by Bill O’Grady
The Oil Market
Since June, oil prices have held mostly within a range of $50 to $60 per barrel.
After a sharp decline in prices from late May into early June, due in part to a contra-seasonal build in inventories, inventories fell and oil prices rebounded. Rising tensions with Iran added to the lift in prices in September. Since then, we have seen a retest of the lower end of the range and a steady recovery. Soon after year-end, we usually see a seasonal rise in inventories, which tends to weigh on prices. However, with the advent of exports, that seasonal pattern has become suspect. For example, last year we didn’t see the usual increase in stockpiles.
Thoughts on Oil Demand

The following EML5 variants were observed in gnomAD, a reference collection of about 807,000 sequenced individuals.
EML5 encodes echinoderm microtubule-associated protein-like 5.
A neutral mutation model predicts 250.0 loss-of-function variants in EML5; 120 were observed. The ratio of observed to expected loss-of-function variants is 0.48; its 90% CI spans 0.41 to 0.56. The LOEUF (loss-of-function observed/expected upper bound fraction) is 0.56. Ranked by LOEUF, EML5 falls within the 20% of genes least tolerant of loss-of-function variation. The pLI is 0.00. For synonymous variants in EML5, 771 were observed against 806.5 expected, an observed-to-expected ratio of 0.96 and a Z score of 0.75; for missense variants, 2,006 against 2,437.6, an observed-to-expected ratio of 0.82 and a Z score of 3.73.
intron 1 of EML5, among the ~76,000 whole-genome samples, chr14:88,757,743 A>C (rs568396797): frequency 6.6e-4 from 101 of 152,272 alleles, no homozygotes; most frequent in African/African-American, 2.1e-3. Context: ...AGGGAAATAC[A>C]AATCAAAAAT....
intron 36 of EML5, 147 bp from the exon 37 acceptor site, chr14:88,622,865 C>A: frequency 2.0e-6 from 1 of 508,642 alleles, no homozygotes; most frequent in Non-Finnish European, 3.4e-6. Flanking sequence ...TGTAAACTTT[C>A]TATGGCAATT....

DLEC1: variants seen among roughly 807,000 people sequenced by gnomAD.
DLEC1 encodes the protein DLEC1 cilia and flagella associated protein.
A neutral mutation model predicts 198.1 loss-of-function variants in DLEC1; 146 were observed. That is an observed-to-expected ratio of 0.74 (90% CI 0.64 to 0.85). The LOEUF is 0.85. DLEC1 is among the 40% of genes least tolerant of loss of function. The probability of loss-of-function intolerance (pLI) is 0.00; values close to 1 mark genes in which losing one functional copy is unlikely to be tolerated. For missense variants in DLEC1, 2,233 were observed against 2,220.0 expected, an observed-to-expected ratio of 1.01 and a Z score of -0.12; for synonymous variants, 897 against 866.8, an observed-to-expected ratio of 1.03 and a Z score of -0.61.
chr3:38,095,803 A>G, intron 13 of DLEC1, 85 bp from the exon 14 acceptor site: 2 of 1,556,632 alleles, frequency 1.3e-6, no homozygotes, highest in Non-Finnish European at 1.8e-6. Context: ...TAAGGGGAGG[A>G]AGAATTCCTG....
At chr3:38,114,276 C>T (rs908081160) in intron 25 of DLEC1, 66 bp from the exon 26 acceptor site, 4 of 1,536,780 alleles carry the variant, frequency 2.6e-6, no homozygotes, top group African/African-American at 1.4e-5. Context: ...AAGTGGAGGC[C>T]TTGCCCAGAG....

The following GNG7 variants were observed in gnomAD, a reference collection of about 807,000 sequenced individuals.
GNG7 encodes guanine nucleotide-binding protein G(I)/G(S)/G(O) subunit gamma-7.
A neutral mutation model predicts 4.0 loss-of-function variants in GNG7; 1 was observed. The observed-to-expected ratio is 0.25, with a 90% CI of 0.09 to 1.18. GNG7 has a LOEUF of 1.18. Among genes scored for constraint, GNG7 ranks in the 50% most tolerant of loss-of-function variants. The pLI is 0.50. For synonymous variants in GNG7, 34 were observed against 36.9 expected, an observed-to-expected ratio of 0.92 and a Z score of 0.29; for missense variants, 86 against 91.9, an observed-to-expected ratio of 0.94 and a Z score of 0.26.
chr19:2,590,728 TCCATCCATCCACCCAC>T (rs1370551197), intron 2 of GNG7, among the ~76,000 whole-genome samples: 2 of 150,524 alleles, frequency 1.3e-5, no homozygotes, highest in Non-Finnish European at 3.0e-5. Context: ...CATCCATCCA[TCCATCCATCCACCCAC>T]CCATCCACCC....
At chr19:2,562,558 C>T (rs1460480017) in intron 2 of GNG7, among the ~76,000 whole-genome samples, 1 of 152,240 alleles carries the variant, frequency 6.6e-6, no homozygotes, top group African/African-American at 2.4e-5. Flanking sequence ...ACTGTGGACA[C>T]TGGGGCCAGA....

In general, forecasting demand is not usually a priority in commodity analysis. The shape of most short-run commodity demand curves is inelastic, which means that quantity isn’t very sensitive to price. Demand inelasticity means that a small change in supply can have outsized effects on price. It is because of that structure that commodity analysts tend to focus on supply. That being said, demand is important over the long term. For example, the effect of environmental regulations and consumer sentiment has adversely affected coal demand and severely depressed prices. The price of coal didn’t fall because supply expanded; it fell because demand declined.